by Candice Fox

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“Compelling . . . A chilling read.”Sydney Morning Herald

Winner of the Ned Kelly Award for Best Debut Crime Novel

Twenty years ago, two children were kidnapped and left for dead . . .
Homicide detective Frank Bennett has a new partner—dark, beautiful, coldly efficient Eden Archer. Frank doesn’t know what to make of her, or her brother Eric, who’s also on the police force. Their methods are . . . unusual. But when a graveyard full of large steel toolboxes filled with body parts is found at the bottom of Sydney harbor, unusual is the least of their worries.
For Eden and Eric, the case holds chilling links to a scarred childhood—and the murderer who raised them. For Frank, each clue brings him closer to something he’s not sure he wants to face. But true evil goes beyond the bloody handiwork of a serial killer—and no one is truly innocent . . .
Praise for Hades, winner of the Ned Kelly Award
“A little bit Dexter, a little bit procedural, overall a great first novel.”—Australian Crime Writers Association
“Fast-paced, with unusual protagonists and dark, disturbing scenes.”—Library Journal
“Horrors abound in Australian author Fox’s gritty police procedural. Readers will look forward to the sequel set in this not-for-the-squeamish nightmare world down under.”—Publishers Weekly

Product Details

ISBN-13: 9780786040698
Publisher: Kensington
Publication date: 01/31/2017
Series: An Archer and Bennett Thriller Series , #1
Pages: 320
Sales rank: 174,244
Product dimensions: 4.10(w) x 7.40(h) x 1.10(d)
Age Range: 18 Years

About the Author

Candice Fox is the middle child of a large, eccentric family from Sydney’s western suburbs. The daughter of a prison parole officer and an enthusiastic foster caregiver, she served as an officer in the Royal Australian Navy at age eighteen. At twenty, she turned her hand to academia, and taught high school through two undergraduate and two postgraduate degrees. She currently teaches writing at the University of Notre Dame in Sydney while undertaking a Ph.D. in literary censorship and terrorism. Candice’s first novel, Hades, won the Ned Kelly Award for Best Debut Crime Novel, given by the Australian Crime Writers Association. Her second novel, Eden, won the Ned Kelly Award for Best Fiction – making her one of only two authors to win the awards back-to-back.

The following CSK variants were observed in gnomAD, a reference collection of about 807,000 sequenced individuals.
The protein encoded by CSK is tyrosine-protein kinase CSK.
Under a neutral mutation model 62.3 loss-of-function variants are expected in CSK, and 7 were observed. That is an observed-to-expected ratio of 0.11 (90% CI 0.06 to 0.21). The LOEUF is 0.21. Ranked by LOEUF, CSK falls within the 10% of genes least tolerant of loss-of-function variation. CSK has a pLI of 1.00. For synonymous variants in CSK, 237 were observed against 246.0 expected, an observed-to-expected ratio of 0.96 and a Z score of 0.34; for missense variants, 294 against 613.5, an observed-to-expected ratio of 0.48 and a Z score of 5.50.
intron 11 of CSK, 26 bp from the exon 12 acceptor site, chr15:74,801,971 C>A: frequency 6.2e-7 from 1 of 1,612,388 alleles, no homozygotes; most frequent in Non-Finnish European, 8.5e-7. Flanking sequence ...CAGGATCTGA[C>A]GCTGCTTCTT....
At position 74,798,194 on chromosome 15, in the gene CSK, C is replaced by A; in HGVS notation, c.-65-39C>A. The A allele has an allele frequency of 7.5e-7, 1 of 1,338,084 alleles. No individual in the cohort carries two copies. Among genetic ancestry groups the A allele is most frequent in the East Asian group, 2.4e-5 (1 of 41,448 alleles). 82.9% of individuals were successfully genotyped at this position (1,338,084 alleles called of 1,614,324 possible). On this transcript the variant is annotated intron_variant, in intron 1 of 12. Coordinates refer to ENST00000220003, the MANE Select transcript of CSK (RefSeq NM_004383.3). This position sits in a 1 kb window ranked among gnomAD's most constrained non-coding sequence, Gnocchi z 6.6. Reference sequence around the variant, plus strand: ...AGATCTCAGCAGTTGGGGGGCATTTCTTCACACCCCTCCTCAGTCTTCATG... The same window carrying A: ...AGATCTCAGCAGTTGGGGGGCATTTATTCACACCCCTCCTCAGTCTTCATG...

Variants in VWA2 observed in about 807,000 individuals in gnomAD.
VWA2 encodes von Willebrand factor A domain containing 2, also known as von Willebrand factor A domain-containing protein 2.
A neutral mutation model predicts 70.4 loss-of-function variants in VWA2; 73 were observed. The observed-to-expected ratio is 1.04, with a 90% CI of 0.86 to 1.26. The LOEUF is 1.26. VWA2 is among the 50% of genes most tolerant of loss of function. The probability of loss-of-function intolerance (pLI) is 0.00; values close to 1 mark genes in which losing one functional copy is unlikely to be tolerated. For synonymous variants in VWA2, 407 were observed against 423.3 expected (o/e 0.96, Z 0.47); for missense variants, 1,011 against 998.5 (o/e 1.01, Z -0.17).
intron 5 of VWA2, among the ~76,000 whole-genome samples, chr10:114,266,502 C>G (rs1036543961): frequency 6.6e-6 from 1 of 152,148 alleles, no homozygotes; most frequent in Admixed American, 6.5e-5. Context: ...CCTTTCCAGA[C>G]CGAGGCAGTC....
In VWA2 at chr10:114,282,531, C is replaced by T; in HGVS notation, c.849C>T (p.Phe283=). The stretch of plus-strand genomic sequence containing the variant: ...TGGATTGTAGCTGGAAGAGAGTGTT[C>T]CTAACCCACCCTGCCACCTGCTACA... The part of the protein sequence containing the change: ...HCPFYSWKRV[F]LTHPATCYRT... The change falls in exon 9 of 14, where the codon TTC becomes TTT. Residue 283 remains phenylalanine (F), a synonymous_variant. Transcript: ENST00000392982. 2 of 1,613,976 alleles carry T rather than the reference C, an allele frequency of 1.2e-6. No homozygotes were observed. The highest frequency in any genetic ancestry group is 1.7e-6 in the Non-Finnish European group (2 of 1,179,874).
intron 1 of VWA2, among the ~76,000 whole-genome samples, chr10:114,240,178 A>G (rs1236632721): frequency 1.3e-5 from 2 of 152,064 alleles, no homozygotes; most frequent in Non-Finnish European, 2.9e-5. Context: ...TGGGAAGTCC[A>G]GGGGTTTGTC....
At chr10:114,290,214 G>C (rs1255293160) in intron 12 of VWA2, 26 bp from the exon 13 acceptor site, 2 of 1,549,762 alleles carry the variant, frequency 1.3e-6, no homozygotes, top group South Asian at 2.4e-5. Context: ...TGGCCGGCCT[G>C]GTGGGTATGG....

Visit her on Facebook or at www.candicefoxauthor.com.

Read an Excerpt


An Archer and Bennett Thriller

By Candice Fox


Copyright © 2014 Candice Fox
All rights reserved.
ISBN: 978-0-7860-4070-4


I figured I'd struck it lucky when I first laid eyes on Eden Archer. She was sitting by the window with her back to me. I could just see a slice of her angular face when she surveyed the circle of men around her. It seemed to be some kind of counselling session, probably about the man I was replacing, Eden's late partner. Some of the men in the circle were grey-faced and sullen, like they were only just keeping their emotions in check. The psychologist himself looked as if someone had just stolen his last nickel.

Eden, on the other hand, was quietly contemplative. She had a switchblade in her right hand, visible only to me, and she was sliding it open and shut with her thumb. I ran my eyes over her long black braid and licked my teeth. I knew her type, had encountered plenty in the academy. No friends, no interest in having a mess around in the male dorms on quiet weekends when the officers were away. She could run in those three-inch heels, no doubt about that. The forty-dollar manicure was her third this month but she would break a rat's neck if she found it in her pantry. I liked the look of her. I liked the way she breathed, slow and calm, while the officers around her tried not to fall to pieces.

I stood there at the mirrored glass, half-listening to Captain James blab on about the loss of Doyle to the Sydney Metro Homicide Squad and what it had done to morale. The counselling session broke up and Eden slipped her knife into her belt. The white cotton top clung to her carefully sculpted figure. Her eyes were big and dark, downcast to the carpet as she walked through the door towards me.

"Eden." The captain motioned at me. "Frank Bennett, your new partner."

I grinned and shook her hand. It was warm and hard in mine.

"Condolences," I said. "I heard Doyle was a great guy." I'd also heard Eden had come back with his blood mist all over her face, bits of his brain on her shirt.

"You've got big shoes to fill." She nodded. Her voice was as flat as a tack.

She half-smiled in a tired kind of way, as if my turning up to be her partner was just another annoyance in what had been a long and shitty morning. Her eyes met mine for the briefest of seconds before she walked away.

Captain James showed me to my spot in the bull pen. The desk had been stripped of Doyle's personal belongings. It was chipped and bare, save for a black plastic telephone and a laptop port. A number of people looked up from their desks as I entered. I figured they'd introduce themselves in time. A group of men and women by the coffee station gave me the once-over and then turned inward to compare their assessments. They held mugs with slogans like "Beware of the Twilight Fan" and "World's Biggest Asshole" printed on the side.